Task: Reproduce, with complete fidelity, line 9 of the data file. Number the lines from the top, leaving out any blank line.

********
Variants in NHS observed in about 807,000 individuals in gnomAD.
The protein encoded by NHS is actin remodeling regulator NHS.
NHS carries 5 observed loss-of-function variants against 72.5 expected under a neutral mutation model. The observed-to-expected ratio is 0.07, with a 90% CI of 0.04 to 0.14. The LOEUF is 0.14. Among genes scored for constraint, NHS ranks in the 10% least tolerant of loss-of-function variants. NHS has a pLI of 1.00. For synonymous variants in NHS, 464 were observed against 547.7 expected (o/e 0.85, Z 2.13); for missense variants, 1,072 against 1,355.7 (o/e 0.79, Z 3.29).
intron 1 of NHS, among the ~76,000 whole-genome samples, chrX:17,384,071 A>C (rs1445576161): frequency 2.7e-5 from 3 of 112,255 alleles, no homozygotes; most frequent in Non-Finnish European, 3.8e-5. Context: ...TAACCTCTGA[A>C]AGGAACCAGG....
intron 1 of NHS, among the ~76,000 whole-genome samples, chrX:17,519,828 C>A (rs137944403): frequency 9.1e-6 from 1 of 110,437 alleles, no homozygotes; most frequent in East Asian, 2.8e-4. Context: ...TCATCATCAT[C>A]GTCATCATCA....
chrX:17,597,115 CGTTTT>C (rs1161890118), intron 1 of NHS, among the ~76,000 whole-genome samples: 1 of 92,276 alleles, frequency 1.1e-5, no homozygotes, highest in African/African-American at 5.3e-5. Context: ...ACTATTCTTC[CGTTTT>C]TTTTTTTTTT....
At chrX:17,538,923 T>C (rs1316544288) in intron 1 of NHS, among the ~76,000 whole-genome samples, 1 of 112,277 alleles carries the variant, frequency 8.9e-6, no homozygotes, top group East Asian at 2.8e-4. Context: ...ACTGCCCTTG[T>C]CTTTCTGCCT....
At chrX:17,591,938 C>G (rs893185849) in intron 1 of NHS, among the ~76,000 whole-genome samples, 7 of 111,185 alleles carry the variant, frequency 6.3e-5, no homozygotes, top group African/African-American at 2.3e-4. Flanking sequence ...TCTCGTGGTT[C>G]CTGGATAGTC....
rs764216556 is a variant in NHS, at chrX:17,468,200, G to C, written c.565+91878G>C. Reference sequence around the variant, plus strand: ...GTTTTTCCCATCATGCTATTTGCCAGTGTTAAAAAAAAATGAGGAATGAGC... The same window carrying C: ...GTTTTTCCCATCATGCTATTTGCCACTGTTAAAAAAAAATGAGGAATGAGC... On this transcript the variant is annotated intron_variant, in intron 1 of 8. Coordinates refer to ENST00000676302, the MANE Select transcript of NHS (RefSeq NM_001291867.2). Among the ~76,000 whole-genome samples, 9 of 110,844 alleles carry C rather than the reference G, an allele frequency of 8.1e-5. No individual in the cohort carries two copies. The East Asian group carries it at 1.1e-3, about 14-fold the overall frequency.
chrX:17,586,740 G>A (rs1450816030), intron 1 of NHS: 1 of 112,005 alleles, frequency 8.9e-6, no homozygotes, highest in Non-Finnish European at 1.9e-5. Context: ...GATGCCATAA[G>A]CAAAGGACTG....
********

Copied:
rs764216556 is a variant in NHS, at chrX:17,468,200, G to C, written c.565+91878G>C. Reference sequence around the variant, plus strand: ...GTTTTTCCCATCATGCTATTTGCCAGTGTTAAAAAAAAATGAGGAATGAGC... The same window carrying C: ...GTTTTTCCCATCATGCTATTTGCCACTGTTAAAAAAAAATGAGGAATGAGC... On this transcript the variant is annotated intron_variant, in intron 1 of 8. Coordinates refer to ENST00000676302, the MANE Select transcript of NHS (RefSeq NM_001291867.2). Among the ~76,000 whole-genome samples, 9 of 110,844 alleles carry C rather than the reference G, an allele frequency of 8.1e-5. No individual in the cohort carries two copies. The East Asian group carries it at 1.1e-3, about 14-fold the overall frequency.